Electricity

This term featured a full week of class for this section, so I began with the MicSem video Power Comes in Many Forms on Monday. This would be an unusual term as I would start the video and then leave to attend a funeral in Paies for a college employee who had passed away during the weekend, Sinopia Samuel Alfons.


I led off from the end of the video on Monday covering the conceptual correspondence between head and voltage, flow and current between high head microhydroelectric projects and electricity. I gave definitions and then Ohm's law.


This segued into calculations of cost per hour based on the current rate of $0.4171 per KwH, which is down from last term's $0.44 per KwH.

Masabua, Swister, Junida

Lab on Thursday launched with only three in attendance at 8:00. More would arrive as the morning went on. I began by asking them to check to see if the bulbs and batteries were good. I was careful with my phrasing. I did not challenge them to light the bulb. I simply said, "Can you check to see if this bulb and battery are any good." This left the door open to the very real possibility that one or the other might not be good.


This also changed the dynamic in terms of solving the problem. This starts from the presumption that the students know how to check the system, rather than "Can you light the bulb?" which carries the implication that the students do not know how to light the bulb. Note that no student said, "But I do not know how to check the bulb and battery." Perhaps elsewhere that is likely to be a student response, but here that would be atypical for my students.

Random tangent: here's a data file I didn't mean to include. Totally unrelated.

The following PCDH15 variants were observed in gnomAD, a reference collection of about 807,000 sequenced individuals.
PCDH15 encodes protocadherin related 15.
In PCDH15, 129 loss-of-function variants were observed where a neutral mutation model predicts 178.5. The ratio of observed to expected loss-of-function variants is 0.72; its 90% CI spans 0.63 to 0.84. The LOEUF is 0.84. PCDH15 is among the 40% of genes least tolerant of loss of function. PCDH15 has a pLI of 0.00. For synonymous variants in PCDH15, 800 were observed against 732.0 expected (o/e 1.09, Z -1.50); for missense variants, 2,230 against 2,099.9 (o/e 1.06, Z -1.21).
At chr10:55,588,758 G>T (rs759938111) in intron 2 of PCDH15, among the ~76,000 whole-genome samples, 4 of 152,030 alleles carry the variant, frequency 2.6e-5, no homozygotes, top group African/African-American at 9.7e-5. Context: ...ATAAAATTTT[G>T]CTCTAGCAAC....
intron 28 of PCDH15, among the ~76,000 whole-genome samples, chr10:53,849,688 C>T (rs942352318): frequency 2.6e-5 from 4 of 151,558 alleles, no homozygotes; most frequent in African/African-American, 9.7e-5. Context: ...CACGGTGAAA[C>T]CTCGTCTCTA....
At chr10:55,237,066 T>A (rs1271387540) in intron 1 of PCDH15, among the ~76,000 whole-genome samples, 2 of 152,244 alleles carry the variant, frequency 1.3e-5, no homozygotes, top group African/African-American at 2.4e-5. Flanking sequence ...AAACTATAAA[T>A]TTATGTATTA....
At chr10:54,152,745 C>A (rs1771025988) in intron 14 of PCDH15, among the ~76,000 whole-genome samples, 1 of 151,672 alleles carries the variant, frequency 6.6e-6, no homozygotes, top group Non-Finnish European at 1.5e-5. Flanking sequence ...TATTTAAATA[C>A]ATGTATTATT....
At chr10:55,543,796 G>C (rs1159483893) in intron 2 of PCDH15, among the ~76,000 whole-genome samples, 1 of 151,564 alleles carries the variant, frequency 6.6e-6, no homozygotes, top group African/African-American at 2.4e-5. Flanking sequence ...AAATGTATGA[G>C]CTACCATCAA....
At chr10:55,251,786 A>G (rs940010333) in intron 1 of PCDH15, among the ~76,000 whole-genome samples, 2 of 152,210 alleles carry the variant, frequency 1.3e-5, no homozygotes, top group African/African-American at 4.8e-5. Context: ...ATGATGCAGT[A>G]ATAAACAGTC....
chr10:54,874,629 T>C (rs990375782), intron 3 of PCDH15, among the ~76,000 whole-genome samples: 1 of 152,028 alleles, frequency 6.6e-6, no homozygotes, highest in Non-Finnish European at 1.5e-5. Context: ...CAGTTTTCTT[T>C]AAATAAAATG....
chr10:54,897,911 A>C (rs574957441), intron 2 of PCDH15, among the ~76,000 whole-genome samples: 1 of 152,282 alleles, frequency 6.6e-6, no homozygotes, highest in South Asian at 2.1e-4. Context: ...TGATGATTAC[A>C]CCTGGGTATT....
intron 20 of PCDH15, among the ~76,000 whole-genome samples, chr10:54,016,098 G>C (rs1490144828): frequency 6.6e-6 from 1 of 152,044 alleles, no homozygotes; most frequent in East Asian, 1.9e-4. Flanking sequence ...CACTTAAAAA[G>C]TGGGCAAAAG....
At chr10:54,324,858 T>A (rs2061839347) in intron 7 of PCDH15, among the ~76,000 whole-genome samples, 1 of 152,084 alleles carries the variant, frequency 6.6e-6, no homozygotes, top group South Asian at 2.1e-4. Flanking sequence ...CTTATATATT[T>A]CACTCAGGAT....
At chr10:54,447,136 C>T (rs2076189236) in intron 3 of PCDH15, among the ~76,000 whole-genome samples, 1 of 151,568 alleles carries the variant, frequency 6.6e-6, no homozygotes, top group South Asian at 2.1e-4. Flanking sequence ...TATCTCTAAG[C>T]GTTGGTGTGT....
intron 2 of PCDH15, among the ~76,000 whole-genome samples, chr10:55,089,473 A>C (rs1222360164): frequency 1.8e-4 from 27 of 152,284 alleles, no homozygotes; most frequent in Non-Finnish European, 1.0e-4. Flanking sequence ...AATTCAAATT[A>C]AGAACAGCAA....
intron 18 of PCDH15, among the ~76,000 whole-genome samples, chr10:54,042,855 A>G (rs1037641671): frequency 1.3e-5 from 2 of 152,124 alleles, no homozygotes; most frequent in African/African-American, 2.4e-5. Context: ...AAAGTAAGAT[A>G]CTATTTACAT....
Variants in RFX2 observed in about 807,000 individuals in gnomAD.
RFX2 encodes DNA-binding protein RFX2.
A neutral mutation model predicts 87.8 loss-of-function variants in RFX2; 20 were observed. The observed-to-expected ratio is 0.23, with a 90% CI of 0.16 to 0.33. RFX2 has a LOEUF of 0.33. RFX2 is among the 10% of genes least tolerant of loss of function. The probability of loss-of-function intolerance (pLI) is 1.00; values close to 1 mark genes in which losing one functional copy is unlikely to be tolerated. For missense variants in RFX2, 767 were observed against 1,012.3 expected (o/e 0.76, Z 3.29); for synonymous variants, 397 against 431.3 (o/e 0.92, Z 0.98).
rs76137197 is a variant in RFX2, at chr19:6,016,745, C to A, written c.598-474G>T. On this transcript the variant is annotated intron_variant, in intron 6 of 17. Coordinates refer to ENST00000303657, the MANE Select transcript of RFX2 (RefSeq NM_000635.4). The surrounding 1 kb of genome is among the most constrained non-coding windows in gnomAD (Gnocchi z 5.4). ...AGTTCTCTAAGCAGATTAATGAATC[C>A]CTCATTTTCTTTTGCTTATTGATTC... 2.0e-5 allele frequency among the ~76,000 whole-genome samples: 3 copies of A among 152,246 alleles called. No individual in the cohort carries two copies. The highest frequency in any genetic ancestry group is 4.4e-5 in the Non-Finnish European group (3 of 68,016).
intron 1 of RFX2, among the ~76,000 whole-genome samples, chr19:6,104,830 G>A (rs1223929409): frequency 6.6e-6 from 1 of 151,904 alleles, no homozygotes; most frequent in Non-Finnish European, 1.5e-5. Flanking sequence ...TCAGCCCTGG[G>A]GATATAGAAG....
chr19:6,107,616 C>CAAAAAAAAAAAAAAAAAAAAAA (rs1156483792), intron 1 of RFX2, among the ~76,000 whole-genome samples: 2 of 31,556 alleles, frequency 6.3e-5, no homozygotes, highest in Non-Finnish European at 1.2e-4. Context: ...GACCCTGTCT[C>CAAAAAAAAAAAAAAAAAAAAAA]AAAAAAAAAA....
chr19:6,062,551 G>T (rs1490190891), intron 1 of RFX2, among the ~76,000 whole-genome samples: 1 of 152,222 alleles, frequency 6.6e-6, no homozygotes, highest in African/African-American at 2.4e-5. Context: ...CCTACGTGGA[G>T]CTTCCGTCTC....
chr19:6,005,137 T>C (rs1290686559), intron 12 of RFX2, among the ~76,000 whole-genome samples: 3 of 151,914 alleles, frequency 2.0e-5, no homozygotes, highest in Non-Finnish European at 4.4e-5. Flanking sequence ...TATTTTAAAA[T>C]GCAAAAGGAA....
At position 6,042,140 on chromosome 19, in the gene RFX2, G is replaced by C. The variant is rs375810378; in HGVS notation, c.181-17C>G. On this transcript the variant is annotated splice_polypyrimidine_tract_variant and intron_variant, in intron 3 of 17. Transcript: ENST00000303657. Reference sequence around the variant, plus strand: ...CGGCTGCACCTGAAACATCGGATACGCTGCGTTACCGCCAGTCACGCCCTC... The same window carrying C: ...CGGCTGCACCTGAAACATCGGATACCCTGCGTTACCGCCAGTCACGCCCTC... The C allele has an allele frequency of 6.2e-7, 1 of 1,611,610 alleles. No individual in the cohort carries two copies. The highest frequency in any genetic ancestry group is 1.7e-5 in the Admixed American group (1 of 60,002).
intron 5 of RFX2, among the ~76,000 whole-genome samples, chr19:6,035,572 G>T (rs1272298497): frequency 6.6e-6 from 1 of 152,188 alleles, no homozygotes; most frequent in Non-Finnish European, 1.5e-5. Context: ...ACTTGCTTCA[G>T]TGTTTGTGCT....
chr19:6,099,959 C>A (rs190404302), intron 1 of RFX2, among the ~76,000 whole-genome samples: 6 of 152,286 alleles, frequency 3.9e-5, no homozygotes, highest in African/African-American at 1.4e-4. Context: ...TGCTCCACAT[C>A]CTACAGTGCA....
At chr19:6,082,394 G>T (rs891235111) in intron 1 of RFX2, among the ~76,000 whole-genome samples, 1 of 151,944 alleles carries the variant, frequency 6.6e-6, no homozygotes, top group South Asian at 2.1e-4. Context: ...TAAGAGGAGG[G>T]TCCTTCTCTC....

Jesse, Chastity, and Caslyn pick up directions from Junida. Junida had originally set up a short circuit, but eventually solved the puzzle and lit here bulb. Now she has moved to teaching the others what she has learned. Discovery learning leading to teaching. And I had done nothing.


This term I dropped the conductivity table from the written report, and skimmed over that portion of the laboratory leaving the exploration an optional endeavor. I chose to focus more tightly on Ohm's law because I was still seeing students who were not understanding that the goal of laboratory eleven was the slopes of the lines which in turn were indices of reflection and refraction. So I knew I wanted to keep the focus shining tightly on whether current and voltage are linearly related and linearly related by the resistance as a coefficient of the current.

Sama, Nemely's baby, visited campus. He was in two of my classes prior to being born.

In the morning class the decade resistance box was set to 6 Ohms, in the 11:00 class both boxes were set to 9 Ohms.

Patricia and Vivian work on checking batteries and bulbs

Lillian

Praislyn, Kiokalanie


Board notes from the laboratory.

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